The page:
In Gouverneur v. National Ice Co., 134 N.Y. 355, it is held that a conveyance of land to a lake or pond adjoining, or to some monument on the land at the water, and thence along the pond to some other monument on the bank, carries title to the center of the pond.Summary of this case from Jacob v. Town of Oyster Bay
Argued June 3, 1892
Decided October 1, 1892
Calvin Frost for appellant.
Eugene Frayer for respondents.
The defendant alleges several defenses, and the one founded upon the denial of the plaintiffs' title is that their ancestors conveyed the premises in question by deeds to certain grantees many years before this action was commenced. If this proposition of fact is sustained the other alleged defenses will require no consideration.
The premises which are the subject of controversy consist of a body of water formerly known as Hinckley pond and later as Croton lake, and land under the water situated in the town of Patterson, county of Putnam. This is a natural pond or lake about one hundred and fifty-one rods in length, and in the broadest place about forty-eight rods in width, and covers about forty-five acres. It has two inlets at the southerly end, and an outlet known as Muddy brook at the north end, and the court found that there was a slight and very sluggish current running through the pond from south to north. The plaintiffs do not claim title to any of the land adjacent to the lake, as that was all conveyed by their ancestors by five deeds made in the years 1796, 1813, 1828 and 1845. Natural ponds and small lakes are private property. They pass by grant of land in which they are included. They are also presumed, if nothing appears to the contrary, to belong to the riparian owners. And there would seem to be no substantial reason for the application of a different rule in the legal construction of grants of land bounded on them than is applied to conveyances bounding premises on fresh water streams. Our attention has been called to no case in this state where the question has arisen and essentially been the subject of determination.
In Canal Commissioners v. People (5 Wendell, 547) and in Canal Appraisers v. People (17 id. 597) the chancellor said: "The principle itself does not appear sufficiently broad to embrace our large fresh water lakes or inland seas, which are wholly unprovided for by the common law of England," and that a different rule must probably prevail as to them, "and also as to those lakes and streams which form the natural boundaries between us and a foreign nation."
A like remark was made in Smith v. City of Rochester (92 ( 92 N.Y. 463) by Judge RUGER, who added: "We have arrived at the conclusion that all rights of property to the soil under the waters of Hemlock lake were acquired by and belong to its riparian owners." Hemlock lake is about seven miles long and a half-mile in width. And the fact that the title to the land in western New York, within which is Hemlock lake, was not derived from this state, was not deemed and is not important upon the question of its proprietorship, because it came within the class of small lakes the bed of which is the subject of private ownership.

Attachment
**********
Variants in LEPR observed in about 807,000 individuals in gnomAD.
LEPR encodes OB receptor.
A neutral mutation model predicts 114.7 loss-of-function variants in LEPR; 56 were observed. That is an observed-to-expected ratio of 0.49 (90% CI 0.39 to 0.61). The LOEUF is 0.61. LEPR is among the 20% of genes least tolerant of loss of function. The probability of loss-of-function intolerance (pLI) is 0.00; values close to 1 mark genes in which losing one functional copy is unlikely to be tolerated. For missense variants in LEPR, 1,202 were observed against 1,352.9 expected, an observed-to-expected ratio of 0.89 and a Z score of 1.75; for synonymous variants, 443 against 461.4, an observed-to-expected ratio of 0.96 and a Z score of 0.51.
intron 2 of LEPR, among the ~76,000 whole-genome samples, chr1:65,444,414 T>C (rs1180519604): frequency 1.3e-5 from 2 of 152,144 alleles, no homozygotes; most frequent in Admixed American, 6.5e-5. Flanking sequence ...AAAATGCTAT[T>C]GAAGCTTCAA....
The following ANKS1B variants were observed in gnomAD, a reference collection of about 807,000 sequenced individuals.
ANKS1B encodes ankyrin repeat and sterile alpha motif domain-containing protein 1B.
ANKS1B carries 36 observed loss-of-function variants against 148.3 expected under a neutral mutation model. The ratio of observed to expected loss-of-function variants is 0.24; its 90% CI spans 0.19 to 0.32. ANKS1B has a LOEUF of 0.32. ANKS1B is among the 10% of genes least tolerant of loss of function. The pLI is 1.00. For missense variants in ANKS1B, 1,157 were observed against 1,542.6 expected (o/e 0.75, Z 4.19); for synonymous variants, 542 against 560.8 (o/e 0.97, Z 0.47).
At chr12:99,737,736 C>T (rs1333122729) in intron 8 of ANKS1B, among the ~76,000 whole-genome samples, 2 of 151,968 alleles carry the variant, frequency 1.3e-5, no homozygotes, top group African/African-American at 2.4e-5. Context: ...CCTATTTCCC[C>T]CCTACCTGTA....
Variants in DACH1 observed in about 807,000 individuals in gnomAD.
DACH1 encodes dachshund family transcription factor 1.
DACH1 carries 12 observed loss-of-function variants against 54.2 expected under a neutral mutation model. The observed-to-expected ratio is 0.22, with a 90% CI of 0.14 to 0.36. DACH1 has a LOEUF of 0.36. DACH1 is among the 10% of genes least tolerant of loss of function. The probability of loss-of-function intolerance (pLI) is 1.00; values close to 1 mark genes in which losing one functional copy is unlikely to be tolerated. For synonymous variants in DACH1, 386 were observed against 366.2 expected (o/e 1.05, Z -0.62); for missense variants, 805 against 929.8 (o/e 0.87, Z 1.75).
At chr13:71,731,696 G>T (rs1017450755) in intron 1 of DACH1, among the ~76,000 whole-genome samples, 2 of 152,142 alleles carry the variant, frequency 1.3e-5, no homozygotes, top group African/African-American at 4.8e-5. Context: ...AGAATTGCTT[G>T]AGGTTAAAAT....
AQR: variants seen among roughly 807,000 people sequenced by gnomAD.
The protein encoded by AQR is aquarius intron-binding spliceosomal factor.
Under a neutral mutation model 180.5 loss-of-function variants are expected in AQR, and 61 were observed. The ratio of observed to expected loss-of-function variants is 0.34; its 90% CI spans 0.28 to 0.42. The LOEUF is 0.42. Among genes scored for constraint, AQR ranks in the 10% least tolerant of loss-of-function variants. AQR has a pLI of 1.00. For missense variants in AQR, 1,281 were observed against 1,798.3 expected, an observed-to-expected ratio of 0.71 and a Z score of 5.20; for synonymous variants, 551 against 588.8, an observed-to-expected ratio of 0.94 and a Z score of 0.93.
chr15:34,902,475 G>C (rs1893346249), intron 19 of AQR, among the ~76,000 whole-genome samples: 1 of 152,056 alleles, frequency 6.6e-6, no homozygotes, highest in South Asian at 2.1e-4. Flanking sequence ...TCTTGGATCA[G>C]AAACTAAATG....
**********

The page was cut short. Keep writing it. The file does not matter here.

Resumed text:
In Ledyard v. Ten Eyck (36 Barb. 102) it was held that land conveyed by deed bounding it on Cazenovia lake, which was five miles long and three-fourths of a mile in width, extended to its center. But the conclusion reached in that case may have been supported upon another ground, which was there considered.
In Wheeler v. Spinola ( 54 N.Y. 377) the question was considered in its application to a pond, the size of which does not appear; and it was there said that "a boundary upon it does not carry title to its center, but only to low-water mark. Such is the rule as to boundaries upon natural ponds and lakes," and in support of the proposition are there cited Canal Commissioners v. People (5 Wendell, 423); Champlain, etc., R.R. Co. v. Valentine (19 Barb. 484); Waterman v. Johnson (13 Pick. 261); Bradley v. Rice ( 13 Maine, 198).
In the commissioners' case the relator claimed certain rights in the Mohawk river, which he alleged were impaired by the plaintiffs in error; and the railroad company case had relation to alleged rights in Lake Champlain, which is a large navigable lake about one hundred and thirty miles in length, and varying from about fifteen miles to less in width. This is a large navigable lake, and the Mohawk has been held to be a public river. Those two cases seem to have no necessary application to the present one. Reference further on is made to the other two cited cases.
The controversy in Wheeler v. Spinola had relation only to a strip of land between high and low-water mark on the south side of Flax pond, upon which strip the defendant was charged with committing trespass in cutting thatch; and as the title under which the defendant claimed was by deed bounding the land upon the pond, it was held to extend to low-water mark. This covered the locus in quo, and was as far as the court was called upon to go for the purposes of the defense. While the views of the learned judge, upon whose opinion that case was decided, are entitled to much weight, the question now under consideration was not there necessarily considered or determined. And so far as we are advised it remains in this state an open one for consideration. There is a conflict of authority upon the subject by adjudication in some of the other states. And in holding that by conveyances bounding lands on natural ponds, the grantees take title only to low-water mark Massachusetts seems to have taken the lead. ( Waterman v. Johnson, 13 Pick. 261.) That case was decided in 1832. There was a reason for such rule in that state in the fact, that by a colonial law or ordinance adopted in 1641, and amended in 1647, great ponds, which were defined as those containing more than ten acres, were declared public property, and after this ordinance was so amended in 1647, such ponds have not been subject to private ownership. ( West Roxbury v. Stoddard, 7 Allen, 158; Hittinger v. Eames, 121 Mass. 539.) And after referring to Ledyard v. Ten Eyck (36 Barb. 102), and to what was there held in relation to the proprietorship of Cazenovia lake, Mr. Justice HOAR, in the West Roxbury case added that the state of New York had no statute similar in its provisions to the Massachusetts ordinance before mentioned.
In Bradley v. Rice ( 13 Maine 198, 29 Am. Dec. 501), decided in 1836, the question was not discussed, but the court said that no case had been cited or found where the rule of construction applicable to boundaries on streams had been extended to a pond or lake, and cited Waterman v. Johnson, to the contrary. It is unnecessary to refer to the relation to the colony and state of Massachusetts of the territory constituting the state of Maine up to the time of its admission as a state into the Union, as such previous relation may be entitled to no consideration from the time it became a state.